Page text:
A study published by the Journal of Hunger and Environmental Nutrition concluded that a vegetarian diet is cheaper than the meat-inclusive “MyPlate” diet currently being promoted in federal guidelines by the United States Department of Agriculture.

“Okay,” I thought as I scratched my head — and read and re-read the stufy to make sure I hadn’t misread or misunderstood it in some way. Indeed, I clearly understood it. A major study was conducted on that very question and concluded that a vegetarian diet is cheaper than a diet that includes meat.

Then all I could think was, “This is news, how?”

What are they going to study next, whether Argentina is south of Mexico, or ice tends to melt when you throw it in boiling water? How about grizzly bears moving at 30 miles per hour will catch and maim, and possibly kill, a human moving at 10 miles per hour. Wow. The possibilities are endless. Where’s my grant money?

However, after a little research, I found that there happen to be a few misconceptions among many people that makes them think that eating a vegetarian or vegan diet is more expensive than one that includes meat. Apparently, there are actually people who want to become vegetarians, but don’t because they think it is too expensive.

There are lots of reasons for this misconception as cited in various articles, but three tend to recur most:


Some people think that vegetarians have to eat those expensive “mock meats” like soyrizo, fake chicken, veggie burgers, and so on. Of course, this isn’t true. Sure, you can eat them and be a good vegetarian, but you aren’t going to be a vegetarian that saves money over a meat-inclusive diet. For your protein, stick with basic foods like rice and beens, lentils, and other foods.


Vegetarian fast food tends to be more expensive than a chicken sandwich, burger, and other meat options at a fast food outlet. For persons that don’t actively pursue a vegetarian diet, and only happen to see the prices when they go to McDonald’s, this could make vegetarianism seem more expensive than their present diet.


Many non-vegetarians think you must buy all organic produce to be a vegetarian. Of course, this is far from the truth. Conventionally grown produce will work just as well in a vegetarian diet.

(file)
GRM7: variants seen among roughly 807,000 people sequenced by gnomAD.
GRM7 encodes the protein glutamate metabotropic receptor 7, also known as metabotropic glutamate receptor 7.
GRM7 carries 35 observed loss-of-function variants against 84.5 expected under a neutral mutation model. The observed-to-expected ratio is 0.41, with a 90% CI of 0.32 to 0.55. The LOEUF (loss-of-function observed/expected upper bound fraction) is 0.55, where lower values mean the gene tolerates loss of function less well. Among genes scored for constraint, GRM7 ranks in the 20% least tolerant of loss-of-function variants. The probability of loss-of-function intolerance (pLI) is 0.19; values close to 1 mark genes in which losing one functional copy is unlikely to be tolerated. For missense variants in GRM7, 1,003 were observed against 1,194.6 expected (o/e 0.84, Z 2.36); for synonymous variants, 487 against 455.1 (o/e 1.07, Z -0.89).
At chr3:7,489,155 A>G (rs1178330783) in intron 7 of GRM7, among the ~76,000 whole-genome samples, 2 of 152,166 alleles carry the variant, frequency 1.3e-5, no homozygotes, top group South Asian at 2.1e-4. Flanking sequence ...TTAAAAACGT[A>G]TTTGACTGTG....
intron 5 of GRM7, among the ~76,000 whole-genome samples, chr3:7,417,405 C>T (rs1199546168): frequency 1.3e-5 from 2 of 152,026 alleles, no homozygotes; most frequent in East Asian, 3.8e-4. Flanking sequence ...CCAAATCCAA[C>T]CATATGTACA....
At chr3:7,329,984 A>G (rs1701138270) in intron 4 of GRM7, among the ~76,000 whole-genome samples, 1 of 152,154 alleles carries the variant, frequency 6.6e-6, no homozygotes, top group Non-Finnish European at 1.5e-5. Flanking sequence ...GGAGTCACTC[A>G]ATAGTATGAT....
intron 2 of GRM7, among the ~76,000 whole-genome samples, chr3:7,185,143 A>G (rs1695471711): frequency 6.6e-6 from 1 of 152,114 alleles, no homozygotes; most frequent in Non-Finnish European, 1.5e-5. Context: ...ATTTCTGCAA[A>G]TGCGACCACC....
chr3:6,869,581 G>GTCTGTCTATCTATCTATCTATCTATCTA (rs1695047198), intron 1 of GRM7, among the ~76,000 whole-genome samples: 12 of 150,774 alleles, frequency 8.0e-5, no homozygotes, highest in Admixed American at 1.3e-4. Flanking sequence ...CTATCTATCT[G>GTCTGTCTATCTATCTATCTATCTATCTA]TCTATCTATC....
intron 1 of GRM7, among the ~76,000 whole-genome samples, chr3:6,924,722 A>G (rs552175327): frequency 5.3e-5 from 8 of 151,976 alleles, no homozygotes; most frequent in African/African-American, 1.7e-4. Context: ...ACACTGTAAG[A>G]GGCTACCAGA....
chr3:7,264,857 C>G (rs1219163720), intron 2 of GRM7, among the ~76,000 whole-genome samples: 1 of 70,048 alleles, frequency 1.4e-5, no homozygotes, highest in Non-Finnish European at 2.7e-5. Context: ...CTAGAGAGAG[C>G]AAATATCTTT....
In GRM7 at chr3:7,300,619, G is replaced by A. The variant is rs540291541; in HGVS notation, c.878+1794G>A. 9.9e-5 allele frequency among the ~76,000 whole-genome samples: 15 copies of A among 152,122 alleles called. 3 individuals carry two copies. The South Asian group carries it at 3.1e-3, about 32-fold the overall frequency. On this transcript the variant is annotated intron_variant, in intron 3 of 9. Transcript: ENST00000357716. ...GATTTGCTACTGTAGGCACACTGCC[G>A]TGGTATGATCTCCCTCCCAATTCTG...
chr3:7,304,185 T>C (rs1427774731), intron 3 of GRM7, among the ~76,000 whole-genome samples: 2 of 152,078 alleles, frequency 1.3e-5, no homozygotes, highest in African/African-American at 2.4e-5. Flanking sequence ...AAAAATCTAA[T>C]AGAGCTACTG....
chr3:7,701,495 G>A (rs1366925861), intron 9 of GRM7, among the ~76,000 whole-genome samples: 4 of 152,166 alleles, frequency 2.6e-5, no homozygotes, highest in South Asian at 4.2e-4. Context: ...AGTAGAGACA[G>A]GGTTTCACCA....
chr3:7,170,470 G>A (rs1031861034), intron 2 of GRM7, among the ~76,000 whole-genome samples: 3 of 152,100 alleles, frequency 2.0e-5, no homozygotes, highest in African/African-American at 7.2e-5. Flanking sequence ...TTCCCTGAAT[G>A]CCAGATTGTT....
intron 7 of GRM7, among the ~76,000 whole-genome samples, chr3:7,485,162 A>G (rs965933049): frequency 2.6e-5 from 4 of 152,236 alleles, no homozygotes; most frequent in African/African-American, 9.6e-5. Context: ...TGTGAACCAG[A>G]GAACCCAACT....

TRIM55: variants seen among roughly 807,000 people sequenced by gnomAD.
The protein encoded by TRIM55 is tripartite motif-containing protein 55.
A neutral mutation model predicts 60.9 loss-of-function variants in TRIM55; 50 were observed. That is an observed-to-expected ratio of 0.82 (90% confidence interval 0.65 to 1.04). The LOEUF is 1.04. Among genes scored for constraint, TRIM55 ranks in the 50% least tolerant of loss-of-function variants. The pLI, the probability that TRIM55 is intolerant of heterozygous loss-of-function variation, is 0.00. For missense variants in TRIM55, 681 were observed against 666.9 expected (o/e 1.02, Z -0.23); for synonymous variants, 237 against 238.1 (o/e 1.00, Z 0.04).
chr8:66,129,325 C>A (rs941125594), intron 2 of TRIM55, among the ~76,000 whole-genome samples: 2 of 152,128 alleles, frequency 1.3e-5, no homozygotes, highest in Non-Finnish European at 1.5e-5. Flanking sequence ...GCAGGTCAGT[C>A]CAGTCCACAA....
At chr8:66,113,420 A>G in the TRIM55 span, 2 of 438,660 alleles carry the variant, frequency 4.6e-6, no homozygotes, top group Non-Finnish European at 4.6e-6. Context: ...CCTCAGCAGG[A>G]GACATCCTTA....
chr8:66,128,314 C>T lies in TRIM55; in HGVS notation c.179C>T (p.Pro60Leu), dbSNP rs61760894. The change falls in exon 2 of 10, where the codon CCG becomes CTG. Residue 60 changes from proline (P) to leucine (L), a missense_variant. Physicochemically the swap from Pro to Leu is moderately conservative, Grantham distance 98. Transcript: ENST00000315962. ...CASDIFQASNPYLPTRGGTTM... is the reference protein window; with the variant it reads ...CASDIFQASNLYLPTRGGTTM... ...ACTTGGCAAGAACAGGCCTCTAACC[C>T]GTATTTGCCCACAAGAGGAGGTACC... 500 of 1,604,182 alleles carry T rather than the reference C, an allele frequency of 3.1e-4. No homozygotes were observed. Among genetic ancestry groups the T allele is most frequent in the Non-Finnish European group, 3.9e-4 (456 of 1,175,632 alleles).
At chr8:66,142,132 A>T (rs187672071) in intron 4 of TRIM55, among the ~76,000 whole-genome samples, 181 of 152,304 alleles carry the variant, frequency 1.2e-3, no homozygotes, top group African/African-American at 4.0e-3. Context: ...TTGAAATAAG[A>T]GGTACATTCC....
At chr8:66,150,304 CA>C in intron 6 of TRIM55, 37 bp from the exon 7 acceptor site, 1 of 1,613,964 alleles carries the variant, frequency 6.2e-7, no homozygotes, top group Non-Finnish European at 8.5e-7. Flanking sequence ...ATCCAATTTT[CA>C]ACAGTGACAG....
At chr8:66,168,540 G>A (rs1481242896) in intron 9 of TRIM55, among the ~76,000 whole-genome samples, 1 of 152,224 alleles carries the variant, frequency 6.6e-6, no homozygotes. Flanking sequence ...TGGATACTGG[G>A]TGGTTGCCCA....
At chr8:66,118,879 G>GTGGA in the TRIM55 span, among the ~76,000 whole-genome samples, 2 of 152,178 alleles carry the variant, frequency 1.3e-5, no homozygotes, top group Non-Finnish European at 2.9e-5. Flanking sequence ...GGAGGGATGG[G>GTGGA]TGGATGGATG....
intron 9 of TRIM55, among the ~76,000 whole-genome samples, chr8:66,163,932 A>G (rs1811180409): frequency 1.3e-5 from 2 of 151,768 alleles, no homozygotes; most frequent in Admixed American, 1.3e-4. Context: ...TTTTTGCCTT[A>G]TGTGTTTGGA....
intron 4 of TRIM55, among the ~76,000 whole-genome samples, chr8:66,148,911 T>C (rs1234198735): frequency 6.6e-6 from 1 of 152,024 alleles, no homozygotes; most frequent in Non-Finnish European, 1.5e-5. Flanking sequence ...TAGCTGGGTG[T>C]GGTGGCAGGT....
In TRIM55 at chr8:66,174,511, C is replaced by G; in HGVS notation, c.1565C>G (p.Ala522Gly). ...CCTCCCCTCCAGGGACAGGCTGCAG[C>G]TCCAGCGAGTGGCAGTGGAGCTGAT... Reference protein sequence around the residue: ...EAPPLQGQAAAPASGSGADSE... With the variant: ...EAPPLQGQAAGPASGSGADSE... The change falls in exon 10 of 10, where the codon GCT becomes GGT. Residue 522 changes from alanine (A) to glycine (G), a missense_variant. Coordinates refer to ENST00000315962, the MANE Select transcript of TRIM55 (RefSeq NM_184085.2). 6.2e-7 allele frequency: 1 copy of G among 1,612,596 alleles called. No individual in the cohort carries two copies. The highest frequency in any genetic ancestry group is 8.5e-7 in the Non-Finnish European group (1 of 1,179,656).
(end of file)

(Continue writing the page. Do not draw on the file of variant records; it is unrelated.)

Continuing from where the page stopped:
I will add a fourth reason which I discovered while reading an article called “The Cost of Being Vegan” on billfold.com.


I’ll just recount some of the list on billfold that the author, a vegan, admits to buying:

$8.99, $8.69, $9.59: Three frozen vegan cheese pizzas. I have yet to cook any of these, so I will have to get back to you on whether or not it was worth spending $10 on a frozen pizza.

$2.99: Vegan half-moon cookie. Before I was vegan, I used to buy half-moon cookies for a dollar. Prior to that, they were available for free in my college’s dining hall. I mean, free to the extent that a meal plan was a part of the cost of going to college, which I am still paying for every month.

$4.89: Vegan cheddar-flavored kettle chips. Considering that this is a 5 oz. bag that will probably take me three minutes to eat, five dollars seems…excessive.

Really, you don’t need vegan pizza or cookies or kettle chips. The prices are outrageous unless you are Mr. or Ms. Posh Moneybaggins. It all comes back to basic ingredients and taking the time to prepare food yourself rather than buying it ready-made. It’s the processing that gets expensive. Ergo, if you want to save money, cook it yourself.

If you shop smart in the produce section and a few other aisles, your wallet will feel much better.

As the takepart.com article concludes, the point of the JHEN study is “[to show] that the vegetarian diet’s financial barrier to entry is rather low.” That is true. I will not doubt that assertion for a millisecond. However, if you want to read the JHEN study, there is a rather sizable barrier. A pdf version is $48.

So if you know anyone who is hesitant to take the plunge into vegetarianism because it is too expensive, forego the study and just send them this article.